Meanwhile, I think there are some things more important than growing large groups or reaching more people…and they are consistency and patience and honesty which can occur only when people feel safe and I think the key to that is no hierarchical structure and faithfulness in seeing each other face to face. When you get a puppy from the pound, you are hopefully, making a long term commitment to that little fellow and will see him through to the end. I think we need to have that sort of attitude of heart when God sends someone into our lives long enough to begin developing a relationship. Things can get boring…especially after the puppy stage, frustrating once you realize you can’t fix all the problems and you have to learn to live with what you cannot change…and that is where real growth takes place, flexibility and adaptability without resentment…like marriage, like children…it can seem like slow going, but believe me from my vantage point (70 yrs old) it all goes way too fast. But when you have a few loyal brethren still in your corner, whom you share your spiritual history with; with whom you can talk about anything and with whom you can rejoice in the presence of the Lord…wow, treasure beyond price and what a legacy, what a pathway one can leave for those that follow. What a witness that HE hath done great things.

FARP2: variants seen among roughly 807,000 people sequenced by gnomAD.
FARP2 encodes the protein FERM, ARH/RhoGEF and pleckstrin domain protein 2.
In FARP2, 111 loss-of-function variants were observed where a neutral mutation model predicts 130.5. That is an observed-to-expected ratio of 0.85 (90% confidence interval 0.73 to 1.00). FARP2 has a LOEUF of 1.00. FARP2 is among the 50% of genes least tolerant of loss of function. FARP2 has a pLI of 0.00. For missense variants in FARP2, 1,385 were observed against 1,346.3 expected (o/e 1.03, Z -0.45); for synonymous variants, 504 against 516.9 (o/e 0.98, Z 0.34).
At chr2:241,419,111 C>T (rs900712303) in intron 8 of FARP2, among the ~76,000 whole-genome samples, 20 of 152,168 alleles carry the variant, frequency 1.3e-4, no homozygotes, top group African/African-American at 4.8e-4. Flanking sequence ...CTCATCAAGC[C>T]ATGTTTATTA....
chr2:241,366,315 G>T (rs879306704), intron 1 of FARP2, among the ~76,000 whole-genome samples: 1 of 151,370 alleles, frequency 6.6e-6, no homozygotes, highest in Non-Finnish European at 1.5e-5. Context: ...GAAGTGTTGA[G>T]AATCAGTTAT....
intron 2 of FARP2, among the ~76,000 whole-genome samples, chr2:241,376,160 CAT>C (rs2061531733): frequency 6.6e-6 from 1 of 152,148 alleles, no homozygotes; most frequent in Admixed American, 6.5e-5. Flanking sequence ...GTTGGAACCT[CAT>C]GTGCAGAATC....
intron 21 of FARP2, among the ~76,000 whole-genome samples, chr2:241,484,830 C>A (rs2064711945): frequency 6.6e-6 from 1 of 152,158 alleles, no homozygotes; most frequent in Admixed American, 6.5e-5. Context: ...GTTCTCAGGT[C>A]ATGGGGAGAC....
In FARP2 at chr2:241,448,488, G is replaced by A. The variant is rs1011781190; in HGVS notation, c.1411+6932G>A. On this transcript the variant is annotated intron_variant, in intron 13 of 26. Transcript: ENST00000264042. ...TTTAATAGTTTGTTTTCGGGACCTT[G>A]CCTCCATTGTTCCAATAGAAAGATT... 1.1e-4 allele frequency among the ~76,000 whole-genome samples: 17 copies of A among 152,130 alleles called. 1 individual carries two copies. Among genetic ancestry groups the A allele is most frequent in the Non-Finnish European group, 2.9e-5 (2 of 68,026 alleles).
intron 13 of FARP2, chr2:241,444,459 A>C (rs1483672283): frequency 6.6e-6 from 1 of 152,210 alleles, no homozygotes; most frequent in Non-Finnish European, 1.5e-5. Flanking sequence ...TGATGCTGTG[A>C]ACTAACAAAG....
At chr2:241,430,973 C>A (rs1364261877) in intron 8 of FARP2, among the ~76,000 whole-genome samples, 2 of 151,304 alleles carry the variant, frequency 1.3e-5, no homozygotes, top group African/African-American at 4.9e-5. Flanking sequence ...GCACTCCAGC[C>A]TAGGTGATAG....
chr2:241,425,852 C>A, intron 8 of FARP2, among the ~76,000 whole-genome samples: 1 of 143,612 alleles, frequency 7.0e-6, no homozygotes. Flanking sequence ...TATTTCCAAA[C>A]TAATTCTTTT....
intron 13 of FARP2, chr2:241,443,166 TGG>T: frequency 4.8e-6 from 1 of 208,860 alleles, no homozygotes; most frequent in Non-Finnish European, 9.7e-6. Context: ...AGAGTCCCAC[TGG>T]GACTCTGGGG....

9. 6-21-2013

    There are two things that I love about the comments on this post:

    1) You’ve offered some excellent topics to write about and to discuss.

    2) Even while offering topics, you’re helping and encouraging one another.

    Thank you all again for being the best readers/commenters on the internet. I wish we all lived close enough to talk about these issues around a cup of coffee or a shared meal.

    -Alan

  10. 6-21-2013

    Rita –
    What a beautiful comment.

    And I thank you for nudging me to finally read Pagan Christianity. It sat on my dresser for years and I finally just finished it. I’m glad I did. :)

    Back to your comment – it was so very encouraging to me and I feel a kinship with your comments. You are 40 years my elder and I feel I could learn so much from you! :)

    “Things that are strong and can stand against the tide or the storm, take a long time to grow. Relationships are generally a slow process, especially after the high school stage of life.”

    YES! Thank you.